As I will be keeping the gears, any thoughts on which (if any) upgrade will work out best for my uses?

    And has anyone stuck aero bars onto a 20" wheeled bike?
    Definitely DO IT. I love my drop Swift conversion.

    You will need:
    1. bar-end shifters
    2. drop bar
    3. travel-agents to allow use of existing v-brakes
    4. Cane Creek or other drop brakes.

    You can combine 3&4 w/ the Dia-Compe solution to avoid the TravelAgent mess. It will prob. end up costing around the same.

    You should def. be able to do that under 200 assuming all else stays the same.

    Note: in my setup, I have a capreo rear hub and using Alex r390 451 wheels w/ regular road brakes (tektro extra-long reach).


  13. #13
    Professional Fuss-Budget Bacciagalupe's Avatar
    Join Date
    Aug 2005
    Posts
    6,304
    Mentioned
    4 Post(s)
    Tagged
    0 Thread(s)
    Woah, blast from the past.

    I used the Swift with flat bars (already had Ergon grips and bar-ends btw) on a 1 week tour. In the end, it was OK but I did not find the aluminum Swift to be an optimal bike for my touring uses.

    I've pretty much decided to ditch the Swift, and will be selling it in the spring. I'm now using a cross/all-rounder bike (700c, non-folding) for touring and recreational rides. And yes, it has drop bars.

  14. #14
    Senior Member Paul Braithwait's Avatar
    Join Date
    Aug 2006
    Location
    Carlisle, in England's Lake District, just a few miles south of the border with Scotland.
    My Bikes
    A Bianchi C2C road bike, a steel framed touring bike and a Xootr Swift folder which has made the rest redundant!
    Posts
    258
    Mentioned
    0 Post(s)
    Tagged
    0 Thread(s)
    Like most people who contribute to this part of the forum, I am always "tinkering" with my Xootr Swift to fine tune it into my ultimate bike. Earlier in this thread I mentioned the "Butterfly" bars I tried. I have since removed them as they were very wide and made the swift bulkier that it needed to be. Currently I am trying another flat handlebar that is slightly wider than the stock Swift model and has a small rise in it which provides a more upright riding position. I am also switching between Cane Creek grips and bar ends and the Ergons to see which are more comfortable.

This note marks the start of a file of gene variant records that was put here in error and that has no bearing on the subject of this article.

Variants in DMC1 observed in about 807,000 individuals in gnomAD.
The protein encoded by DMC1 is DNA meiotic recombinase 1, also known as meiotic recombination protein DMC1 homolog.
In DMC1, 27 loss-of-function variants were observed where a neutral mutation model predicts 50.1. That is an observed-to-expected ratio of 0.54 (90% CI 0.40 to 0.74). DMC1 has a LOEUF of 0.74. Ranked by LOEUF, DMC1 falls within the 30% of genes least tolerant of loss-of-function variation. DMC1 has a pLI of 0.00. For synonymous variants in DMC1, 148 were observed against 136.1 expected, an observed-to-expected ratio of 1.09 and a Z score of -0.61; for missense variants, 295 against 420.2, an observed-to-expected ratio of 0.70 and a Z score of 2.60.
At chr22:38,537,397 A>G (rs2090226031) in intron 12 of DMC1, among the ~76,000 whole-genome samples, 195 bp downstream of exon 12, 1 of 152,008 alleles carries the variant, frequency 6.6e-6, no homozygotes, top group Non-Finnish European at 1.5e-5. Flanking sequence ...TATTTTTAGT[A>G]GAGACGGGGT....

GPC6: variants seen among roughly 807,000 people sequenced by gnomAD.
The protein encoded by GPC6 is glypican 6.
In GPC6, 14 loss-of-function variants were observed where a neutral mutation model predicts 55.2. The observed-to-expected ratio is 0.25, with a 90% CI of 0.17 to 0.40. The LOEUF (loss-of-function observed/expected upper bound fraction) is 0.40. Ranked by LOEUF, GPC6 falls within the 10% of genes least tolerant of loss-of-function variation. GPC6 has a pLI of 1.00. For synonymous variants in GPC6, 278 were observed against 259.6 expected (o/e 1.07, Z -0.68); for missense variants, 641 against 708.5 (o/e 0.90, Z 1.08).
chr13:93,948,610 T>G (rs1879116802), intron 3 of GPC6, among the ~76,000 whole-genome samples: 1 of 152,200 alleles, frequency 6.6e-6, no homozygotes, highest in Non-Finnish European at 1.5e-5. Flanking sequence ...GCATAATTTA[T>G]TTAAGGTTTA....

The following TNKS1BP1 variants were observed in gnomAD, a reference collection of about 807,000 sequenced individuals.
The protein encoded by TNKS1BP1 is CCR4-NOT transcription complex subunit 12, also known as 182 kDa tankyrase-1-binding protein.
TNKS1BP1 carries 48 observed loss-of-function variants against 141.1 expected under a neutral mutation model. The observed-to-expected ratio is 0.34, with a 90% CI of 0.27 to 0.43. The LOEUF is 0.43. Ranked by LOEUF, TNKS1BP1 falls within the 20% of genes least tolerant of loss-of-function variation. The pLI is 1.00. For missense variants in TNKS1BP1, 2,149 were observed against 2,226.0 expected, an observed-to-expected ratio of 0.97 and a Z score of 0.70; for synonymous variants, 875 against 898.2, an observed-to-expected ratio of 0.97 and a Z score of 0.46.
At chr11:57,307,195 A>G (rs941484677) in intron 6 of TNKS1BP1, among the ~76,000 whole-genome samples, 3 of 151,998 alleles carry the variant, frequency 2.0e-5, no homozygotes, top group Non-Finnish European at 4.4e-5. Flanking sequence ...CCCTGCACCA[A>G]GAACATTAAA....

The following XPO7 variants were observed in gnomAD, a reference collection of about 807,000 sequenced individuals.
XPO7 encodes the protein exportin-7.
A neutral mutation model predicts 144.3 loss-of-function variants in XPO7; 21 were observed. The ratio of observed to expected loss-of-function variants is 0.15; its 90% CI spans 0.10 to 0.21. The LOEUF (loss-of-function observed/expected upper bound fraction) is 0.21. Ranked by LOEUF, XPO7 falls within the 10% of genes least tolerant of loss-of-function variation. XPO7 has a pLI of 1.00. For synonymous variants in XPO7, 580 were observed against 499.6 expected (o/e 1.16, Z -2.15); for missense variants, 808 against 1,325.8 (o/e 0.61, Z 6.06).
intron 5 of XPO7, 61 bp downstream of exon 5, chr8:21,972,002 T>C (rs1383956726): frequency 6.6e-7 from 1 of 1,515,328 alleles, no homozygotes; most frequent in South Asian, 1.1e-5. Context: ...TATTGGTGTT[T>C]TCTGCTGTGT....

We should remember that the Swift is what it is; a small wheeled folding bike that will solve many storage and transport problems while providing a good riding experience. You can tour on them but it is not fair to expect them to cope with the luggage that a steel framed, large wheel bike is designed for. I have drop bars on my touring bike and my racing machine but I cannot remember the last time I actually rode on the drops (I don't race) so I'm sticking with the straight bars on my Swift. I use the Xootr for day rides with little luggage, often transporting it in my car to ride more distant roads. Some of the conversions shown on the Swift thread are amazing but I think we should remember that that no one bike will fulfill all your riding requirements. If you ride off road (mountain bike), road race (carbon road frame), tour (long wheelbase, steel frame, racks and multiple gears), infact whatever your preference there will be a bike to suit but one bike will not fully perform all of the duties. Appreciate the Swift for what it is - a very good bike that happens to fold.

  15. #15
    Senior Member
    Join Date
    Feb 2007
    Location
    Arizona
    My Bikes
    Swift folder, single speed
    Posts
    857
    Mentioned
    0 Post(s)
    Tagged
    0 Thread(s)
    I saw a nice bar in the REI today. It's a bullhorn with the ends bent in. That gives a nice relaxed position for the hands to rest on. I always thought taht the 45 degree turned in position, similar the handlebar grip position on the old Releigh 3-speeds, or, I guess, most old upright handlebars, was the most natural and relaxed position for the hands, and wondered why more handlebars didn't actually offer this position. This bar does, but for some reason it is made very narrow, too narrow for my bar end brake levers. It's called "Ergo Bars". I think it's a good idea. Wonder if anyone else makes something like that, perhaps with a normal thickness bar.

    http://www.rei.com/product/738808

Posting Permissions

  • You may not post new threads
  • You may not post replies
  • You may not post attachments
  • You may not edit your posts
  •